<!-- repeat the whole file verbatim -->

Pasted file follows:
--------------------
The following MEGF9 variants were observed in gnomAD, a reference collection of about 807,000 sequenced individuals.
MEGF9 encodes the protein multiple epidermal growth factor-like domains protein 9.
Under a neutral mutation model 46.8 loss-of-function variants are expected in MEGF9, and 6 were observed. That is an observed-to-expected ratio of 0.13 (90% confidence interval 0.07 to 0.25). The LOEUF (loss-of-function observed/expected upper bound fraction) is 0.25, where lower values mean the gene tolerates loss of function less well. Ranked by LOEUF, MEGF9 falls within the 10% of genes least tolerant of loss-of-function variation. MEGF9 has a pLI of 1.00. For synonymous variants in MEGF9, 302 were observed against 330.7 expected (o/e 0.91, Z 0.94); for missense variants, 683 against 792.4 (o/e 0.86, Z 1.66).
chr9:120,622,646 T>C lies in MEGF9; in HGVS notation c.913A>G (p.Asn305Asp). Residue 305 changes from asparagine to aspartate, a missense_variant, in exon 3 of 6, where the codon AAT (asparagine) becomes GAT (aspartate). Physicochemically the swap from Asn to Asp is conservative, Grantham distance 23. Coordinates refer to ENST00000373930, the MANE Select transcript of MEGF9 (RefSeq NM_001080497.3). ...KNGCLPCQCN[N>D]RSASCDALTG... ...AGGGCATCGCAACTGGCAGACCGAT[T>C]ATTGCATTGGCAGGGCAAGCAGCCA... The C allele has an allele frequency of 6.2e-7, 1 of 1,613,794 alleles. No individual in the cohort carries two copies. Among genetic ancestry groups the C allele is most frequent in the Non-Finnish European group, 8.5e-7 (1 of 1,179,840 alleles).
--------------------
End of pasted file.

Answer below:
The following MEGF9 variants were observed in gnomAD, a reference collection of about 807,000 sequenced individuals.
MEGF9 encodes the protein multiple epidermal growth factor-like domains protein 9.
Under a neutral mutation model 46.8 loss-of-function variants are expected in MEGF9, and 6 were observed. That is an observed-to-expected ratio of 0.13 (90% confidence interval 0.07 to 0.25). The LOEUF (loss-of-function observed/expected upper bound fraction) is 0.25, where lower values mean the gene tolerates loss of function less well. Ranked by LOEUF, MEGF9 falls within the 10% of genes least tolerant of loss-of-function variation. MEGF9 has a pLI of 1.00. For synonymous variants in MEGF9, 302 were observed against 330.7 expected (o/e 0.91, Z 0.94); for missense variants, 683 against 792.4 (o/e 0.86, Z 1.66).
chr9:120,622,646 T>C lies in MEGF9; in HGVS notation c.913A>G (p.Asn305Asp). Residue 305 changes from asparagine to aspartate, a missense_variant, in exon 3 of 6, where the codon AAT (asparagine) becomes GAT (aspartate). Physicochemically the swap from Asn to Asp is conservative, Grantham distance 23. Coordinates refer to ENST00000373930, the MANE Select transcript of MEGF9 (RefSeq NM_001080497.3). ...KNGCLPCQCN[N>D]RSASCDALTG... ...AGGGCATCGCAACTGGCAGACCGAT[T>C]ATTGCATTGGCAGGGCAAGCAGCCA... The C allele has an allele frequency of 6.2e-7, 1 of 1,613,794 alleles. No individual in the cohort carries two copies. Among genetic ancestry groups the C allele is most frequent in the Non-Finnish European group, 8.5e-7 (1 of 1,179,840 alleles).